I’ve been awake now for 38 hours straight! And you’d think with the medication I take would make me sleep/pass out/drowsy…it hasn’t been working at all and I’m not sure what is going on that’s keeping me wide awake when I’m completely (above and beyond) exhausted!! My eyes hurt so bad, I now have an ear infection (just to put the icing on the cake!). I seriously wonder how I’m still alive?! No sleep for so long, relentless progression in several areas of my body causing further severities in my disabilities due to MS. And no appetite but several stomach issues (I’d venture to guess that that’s due to having so much medication going into an empty stomach).
    My husband keeps telling me that at some point I’m just going to ‘crash’ and have a long sleep….well from his mouth to Gods ears!!
    Multiple Sclerosis is truly a MonSter ? and certainly has no rhyme or reason to how it will impact one person from another person with the same diagnosis of this ‘snowflake’ disease (no two of us with MS have the same MS journey..just like no two snowflakes will ever look the same)

    Now that I’ve commented – May God grant me the sleep I so desperately need! And may all my fellow MSers get some good rest as well. That’s my New Years wish for us all!

    • Patrick Fontenello says:

      Wow! I take r-modenafil (Nuvigil) to stay awake because of diagnosed narcolepsy and fatigue, both associated with my secondary progressive m.s. I was diagnosed at age forty-three with remitting-relapsing m.s. I had only a slight tremor and optic neuritis of the left eye at that time. And so it stayed for approximately three years, then things suddenly came alive. It started with a mild burning sensation in my calves but quickly escalated to full blown, full time spasticity and many, many other signs of the spinal lesions that had developed in addition to the brain lesions we already knew about. Now, it is five years later and m.s. has taken a lot from me; my ability to drive (I know hand controls, but you can’t drive if you’re asleep), my ability to walk, etc… But, there is no but, I’ve got no gems of wisdom from this rotten thing. I just take it one day, hour, minute, second, or whatever at a time. More will be revealed, the end has yet to be written.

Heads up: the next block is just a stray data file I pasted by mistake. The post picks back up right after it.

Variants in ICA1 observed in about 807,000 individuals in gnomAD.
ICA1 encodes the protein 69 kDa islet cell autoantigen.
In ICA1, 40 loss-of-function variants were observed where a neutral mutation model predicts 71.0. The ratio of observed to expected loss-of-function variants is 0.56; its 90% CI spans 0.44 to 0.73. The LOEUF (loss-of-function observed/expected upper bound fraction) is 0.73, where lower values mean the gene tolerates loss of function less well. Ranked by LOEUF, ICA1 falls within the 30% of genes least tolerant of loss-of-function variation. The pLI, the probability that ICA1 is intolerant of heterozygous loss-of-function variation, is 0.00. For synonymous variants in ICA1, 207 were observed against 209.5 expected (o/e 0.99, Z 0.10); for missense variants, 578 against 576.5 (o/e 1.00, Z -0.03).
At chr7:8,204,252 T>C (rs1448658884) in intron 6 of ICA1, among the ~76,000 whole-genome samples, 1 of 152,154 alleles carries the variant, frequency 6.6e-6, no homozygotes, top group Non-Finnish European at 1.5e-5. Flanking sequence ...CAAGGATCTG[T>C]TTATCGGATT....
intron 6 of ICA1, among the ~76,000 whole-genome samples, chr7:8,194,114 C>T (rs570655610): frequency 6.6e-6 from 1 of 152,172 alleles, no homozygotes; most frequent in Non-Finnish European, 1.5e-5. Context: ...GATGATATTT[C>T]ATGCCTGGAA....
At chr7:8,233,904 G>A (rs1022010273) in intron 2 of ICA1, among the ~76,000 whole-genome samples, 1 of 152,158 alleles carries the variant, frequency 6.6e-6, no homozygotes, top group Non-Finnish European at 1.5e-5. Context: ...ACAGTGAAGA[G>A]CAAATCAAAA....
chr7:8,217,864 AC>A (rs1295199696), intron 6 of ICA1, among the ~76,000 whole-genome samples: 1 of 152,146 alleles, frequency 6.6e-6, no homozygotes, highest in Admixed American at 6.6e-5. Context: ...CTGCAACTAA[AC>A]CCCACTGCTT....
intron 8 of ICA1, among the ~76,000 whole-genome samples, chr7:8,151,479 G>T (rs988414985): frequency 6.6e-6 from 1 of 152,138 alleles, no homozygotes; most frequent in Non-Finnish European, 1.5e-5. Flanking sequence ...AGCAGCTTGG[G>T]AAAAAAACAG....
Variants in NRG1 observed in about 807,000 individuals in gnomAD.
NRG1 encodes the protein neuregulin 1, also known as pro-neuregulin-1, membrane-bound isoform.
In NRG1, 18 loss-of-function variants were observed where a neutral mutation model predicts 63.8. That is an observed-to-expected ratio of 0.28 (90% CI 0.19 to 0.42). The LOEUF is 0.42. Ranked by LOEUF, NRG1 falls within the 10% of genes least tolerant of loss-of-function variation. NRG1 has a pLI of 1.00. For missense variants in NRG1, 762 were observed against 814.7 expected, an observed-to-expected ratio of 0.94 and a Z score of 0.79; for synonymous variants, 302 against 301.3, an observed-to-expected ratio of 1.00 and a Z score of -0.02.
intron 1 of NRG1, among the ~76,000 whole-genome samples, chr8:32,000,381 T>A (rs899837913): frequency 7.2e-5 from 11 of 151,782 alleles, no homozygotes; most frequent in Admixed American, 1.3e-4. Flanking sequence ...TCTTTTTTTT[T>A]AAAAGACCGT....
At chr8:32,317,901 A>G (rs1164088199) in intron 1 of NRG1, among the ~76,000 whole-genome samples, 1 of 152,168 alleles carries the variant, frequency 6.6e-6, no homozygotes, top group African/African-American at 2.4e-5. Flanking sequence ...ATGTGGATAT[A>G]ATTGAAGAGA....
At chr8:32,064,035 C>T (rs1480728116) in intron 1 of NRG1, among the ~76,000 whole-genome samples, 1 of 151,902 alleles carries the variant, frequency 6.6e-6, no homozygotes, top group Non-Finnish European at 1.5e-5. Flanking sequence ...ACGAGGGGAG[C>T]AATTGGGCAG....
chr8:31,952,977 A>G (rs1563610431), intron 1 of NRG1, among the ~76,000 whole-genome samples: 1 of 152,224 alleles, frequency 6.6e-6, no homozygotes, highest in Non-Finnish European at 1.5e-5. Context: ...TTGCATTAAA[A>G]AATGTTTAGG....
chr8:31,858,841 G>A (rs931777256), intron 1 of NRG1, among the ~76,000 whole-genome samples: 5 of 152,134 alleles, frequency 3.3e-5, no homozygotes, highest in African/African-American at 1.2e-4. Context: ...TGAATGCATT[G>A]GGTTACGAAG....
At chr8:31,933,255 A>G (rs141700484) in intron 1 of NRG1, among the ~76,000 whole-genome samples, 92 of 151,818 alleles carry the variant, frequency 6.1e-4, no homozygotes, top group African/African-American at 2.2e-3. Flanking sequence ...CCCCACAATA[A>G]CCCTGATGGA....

• Angelpuff says:

        It is an evil thing….MS and because it is so different in everyone; a good treatment is hard to pin down. The body doesn’t respond to one med in one person as it might work in another. It is such a hit and miss thing. I am sure it is very related to the location of the lesions also. I am a Physician Assistant and my husband has progressive MS. He has so many lesions in his brain, brain stem and spinal cord. The brain stem is the most dangerous since it controls the vital functions such as blood pressure, heart rate etc… You are so wise just to take it one day, one moment at a time. It is the only thing one can do. Our hearts and prayers go out to you!

    • Angelpuff says:

      Dear April,
      My husband suffers the same! It goes both directions here and only as it wants to. sometimes he sleeps a lot (rarely) and other times he has been up for days or only sleeps 2-3 hours a night. It is horrible. I am sure it has a lot to do with where lesions are located but big help that is. Meds don’t seem to work as they normally would in most people. Praying you will get some much needed sleep soon.